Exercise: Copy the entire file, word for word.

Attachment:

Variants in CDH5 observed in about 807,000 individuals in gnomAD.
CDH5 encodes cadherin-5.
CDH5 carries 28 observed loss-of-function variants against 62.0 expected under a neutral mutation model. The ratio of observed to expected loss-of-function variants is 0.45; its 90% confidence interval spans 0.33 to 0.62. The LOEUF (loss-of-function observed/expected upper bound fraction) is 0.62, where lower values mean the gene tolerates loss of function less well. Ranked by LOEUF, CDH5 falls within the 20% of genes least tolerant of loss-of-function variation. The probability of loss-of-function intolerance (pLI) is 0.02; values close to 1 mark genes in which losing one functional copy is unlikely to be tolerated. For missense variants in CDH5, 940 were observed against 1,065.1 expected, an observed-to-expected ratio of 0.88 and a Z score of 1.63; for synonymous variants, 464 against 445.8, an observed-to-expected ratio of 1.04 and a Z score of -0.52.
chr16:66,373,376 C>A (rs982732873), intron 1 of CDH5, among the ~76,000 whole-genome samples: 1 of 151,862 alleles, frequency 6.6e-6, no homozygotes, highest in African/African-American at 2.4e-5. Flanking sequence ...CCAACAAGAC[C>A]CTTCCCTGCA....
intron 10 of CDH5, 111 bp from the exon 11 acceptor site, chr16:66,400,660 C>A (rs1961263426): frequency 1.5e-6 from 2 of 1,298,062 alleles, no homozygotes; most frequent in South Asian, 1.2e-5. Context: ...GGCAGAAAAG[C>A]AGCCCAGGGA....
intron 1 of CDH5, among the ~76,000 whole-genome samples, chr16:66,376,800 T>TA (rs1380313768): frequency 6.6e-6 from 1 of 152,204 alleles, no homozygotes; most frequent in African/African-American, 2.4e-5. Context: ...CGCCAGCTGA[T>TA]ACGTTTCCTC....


Variants in CDH5 observed in about 807,000 individuals in gnomAD.
CDH5 encodes cadherin-5.
CDH5 carries 28 observed loss-of-function variants against 62.0 expected under a neutral mutation model. The ratio of observed to expected loss-of-function variants is 0.45; its 90% confidence interval spans 0.33 to 0.62. The LOEUF (loss-of-function observed/expected upper bound fraction) is 0.62, where lower values mean the gene tolerates loss of function less well. Ranked by LOEUF, CDH5 falls within the 20% of genes least tolerant of loss-of-function variation. The probability of loss-of-function intolerance (pLI) is 0.02; values close to 1 mark genes in which losing one functional copy is unlikely to be tolerated. For missense variants in CDH5, 940 were observed against 1,065.1 expected, an observed-to-expected ratio of 0.88 and a Z score of 1.63; for synonymous variants, 464 against 445.8, an observed-to-expected ratio of 1.04 and a Z score of -0.52.
chr16:66,373,376 C>A (rs982732873), intron 1 of CDH5, among the ~76,000 whole-genome samples: 1 of 151,862 alleles, frequency 6.6e-6, no homozygotes, highest in African/African-American at 2.4e-5. Flanking sequence ...CCAACAAGAC[C>A]CTTCCCTGCA....
intron 10 of CDH5, 111 bp from the exon 11 acceptor site, chr16:66,400,660 C>A (rs1961263426): frequency 1.5e-6 from 2 of 1,298,062 alleles, no homozygotes; most frequent in South Asian, 1.2e-5. Context: ...GGCAGAAAAG[C>A]AGCCCAGGGA....
intron 1 of CDH5, among the ~76,000 whole-genome samples, chr16:66,376,800 T>TA (rs1380313768): frequency 6.6e-6 from 1 of 152,204 alleles, no homozygotes; most frequent in African/African-American, 2.4e-5. Context: ...CGCCAGCTGA[T>TA]ACGTTTCCTC....